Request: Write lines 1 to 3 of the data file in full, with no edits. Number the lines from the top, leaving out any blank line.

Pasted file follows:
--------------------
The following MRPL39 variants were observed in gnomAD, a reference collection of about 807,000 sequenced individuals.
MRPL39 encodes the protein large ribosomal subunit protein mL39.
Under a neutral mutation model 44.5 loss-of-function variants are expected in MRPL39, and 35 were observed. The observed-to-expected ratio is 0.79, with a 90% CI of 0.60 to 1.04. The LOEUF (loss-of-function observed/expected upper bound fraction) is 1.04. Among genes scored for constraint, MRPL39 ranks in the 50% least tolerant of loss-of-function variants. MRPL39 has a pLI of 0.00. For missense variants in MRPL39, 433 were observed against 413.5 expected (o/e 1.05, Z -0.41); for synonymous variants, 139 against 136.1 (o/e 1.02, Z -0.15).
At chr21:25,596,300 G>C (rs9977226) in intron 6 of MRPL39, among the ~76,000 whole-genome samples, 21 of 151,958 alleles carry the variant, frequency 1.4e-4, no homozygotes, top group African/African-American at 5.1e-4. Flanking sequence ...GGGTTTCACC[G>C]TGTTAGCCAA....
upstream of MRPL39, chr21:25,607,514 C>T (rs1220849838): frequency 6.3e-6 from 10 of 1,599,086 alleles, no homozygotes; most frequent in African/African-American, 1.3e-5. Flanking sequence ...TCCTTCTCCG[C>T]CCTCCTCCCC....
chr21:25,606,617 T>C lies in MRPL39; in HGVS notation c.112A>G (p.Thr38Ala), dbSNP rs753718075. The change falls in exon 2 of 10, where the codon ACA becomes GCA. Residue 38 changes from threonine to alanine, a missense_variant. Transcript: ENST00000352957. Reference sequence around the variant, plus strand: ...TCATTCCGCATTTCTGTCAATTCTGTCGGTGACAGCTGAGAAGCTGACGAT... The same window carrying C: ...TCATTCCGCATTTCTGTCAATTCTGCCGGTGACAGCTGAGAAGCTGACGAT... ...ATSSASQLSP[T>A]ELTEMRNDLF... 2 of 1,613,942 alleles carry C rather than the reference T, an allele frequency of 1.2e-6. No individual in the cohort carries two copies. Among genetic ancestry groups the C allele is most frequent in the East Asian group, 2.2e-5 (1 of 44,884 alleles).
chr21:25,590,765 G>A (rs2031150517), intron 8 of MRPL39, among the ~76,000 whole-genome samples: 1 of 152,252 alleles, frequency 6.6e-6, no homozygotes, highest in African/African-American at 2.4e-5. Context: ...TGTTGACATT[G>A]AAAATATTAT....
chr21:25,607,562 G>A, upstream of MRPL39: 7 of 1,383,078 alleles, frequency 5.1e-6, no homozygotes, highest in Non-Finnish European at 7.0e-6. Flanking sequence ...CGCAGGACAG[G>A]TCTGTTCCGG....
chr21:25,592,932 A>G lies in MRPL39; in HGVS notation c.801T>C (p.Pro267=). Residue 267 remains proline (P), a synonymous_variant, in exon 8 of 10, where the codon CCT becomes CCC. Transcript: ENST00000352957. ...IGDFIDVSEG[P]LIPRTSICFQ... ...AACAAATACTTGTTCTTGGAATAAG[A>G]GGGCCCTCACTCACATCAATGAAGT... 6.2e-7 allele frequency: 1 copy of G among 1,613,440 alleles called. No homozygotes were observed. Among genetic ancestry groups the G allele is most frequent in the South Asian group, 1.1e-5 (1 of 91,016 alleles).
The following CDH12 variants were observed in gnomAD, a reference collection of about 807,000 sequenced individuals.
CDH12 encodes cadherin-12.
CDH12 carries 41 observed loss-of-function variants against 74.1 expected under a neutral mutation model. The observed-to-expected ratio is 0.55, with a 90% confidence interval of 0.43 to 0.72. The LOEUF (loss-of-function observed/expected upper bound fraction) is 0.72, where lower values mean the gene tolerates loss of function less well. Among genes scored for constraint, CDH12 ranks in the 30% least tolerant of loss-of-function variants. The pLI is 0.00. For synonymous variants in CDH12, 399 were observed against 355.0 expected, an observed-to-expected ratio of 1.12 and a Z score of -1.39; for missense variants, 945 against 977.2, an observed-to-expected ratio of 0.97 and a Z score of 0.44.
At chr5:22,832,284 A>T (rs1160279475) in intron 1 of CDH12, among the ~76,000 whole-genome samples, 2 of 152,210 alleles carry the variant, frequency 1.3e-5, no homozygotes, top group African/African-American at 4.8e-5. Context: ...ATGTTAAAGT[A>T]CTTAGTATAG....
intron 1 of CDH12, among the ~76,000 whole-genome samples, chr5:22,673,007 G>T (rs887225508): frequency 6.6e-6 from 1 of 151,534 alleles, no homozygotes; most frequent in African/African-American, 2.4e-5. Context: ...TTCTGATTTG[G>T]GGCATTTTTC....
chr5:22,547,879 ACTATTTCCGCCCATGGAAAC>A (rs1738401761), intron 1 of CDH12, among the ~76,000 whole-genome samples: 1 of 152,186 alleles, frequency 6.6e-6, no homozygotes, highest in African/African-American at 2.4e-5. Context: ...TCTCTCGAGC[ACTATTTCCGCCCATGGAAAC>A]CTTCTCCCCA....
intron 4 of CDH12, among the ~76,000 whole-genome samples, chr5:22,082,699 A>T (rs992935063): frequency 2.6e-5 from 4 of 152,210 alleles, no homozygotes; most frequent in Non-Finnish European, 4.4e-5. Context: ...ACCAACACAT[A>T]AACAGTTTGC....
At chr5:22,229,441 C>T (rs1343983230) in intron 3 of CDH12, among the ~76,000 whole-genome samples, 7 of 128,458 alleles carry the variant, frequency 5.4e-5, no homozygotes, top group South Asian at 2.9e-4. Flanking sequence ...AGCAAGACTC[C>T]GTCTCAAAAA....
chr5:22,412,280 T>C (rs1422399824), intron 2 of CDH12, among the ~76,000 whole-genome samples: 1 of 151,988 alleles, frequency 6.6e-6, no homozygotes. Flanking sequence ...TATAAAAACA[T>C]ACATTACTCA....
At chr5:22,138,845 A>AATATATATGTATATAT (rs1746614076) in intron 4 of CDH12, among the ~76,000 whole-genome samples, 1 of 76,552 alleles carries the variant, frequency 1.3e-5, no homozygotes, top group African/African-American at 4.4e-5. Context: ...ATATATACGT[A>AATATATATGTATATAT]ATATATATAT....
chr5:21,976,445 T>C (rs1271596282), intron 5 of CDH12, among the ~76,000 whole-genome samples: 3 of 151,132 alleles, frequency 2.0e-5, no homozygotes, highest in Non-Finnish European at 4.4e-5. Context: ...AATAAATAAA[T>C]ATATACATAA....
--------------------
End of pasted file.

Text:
The following MRPL39 variants were observed in gnomAD, a reference collection of about 807,000 sequenced individuals.
MRPL39 encodes the protein large ribosomal subunit protein mL39.
Under a neutral mutation model 44.5 loss-of-function variants are expected in MRPL39, and 35 were observed. The observed-to-expected ratio is 0.79, with a 90% CI of 0.60 to 1.04. The LOEUF (loss-of-function observed/expected upper bound fraction) is 1.04. Among genes scored for constraint, MRPL39 ranks in the 50% least tolerant of loss-of-function variants. MRPL39 has a pLI of 0.00. For missense variants in MRPL39, 433 were observed against 413.5 expected (o/e 1.05, Z -0.41); for synonymous variants, 139 against 136.1 (o/e 1.02, Z -0.15).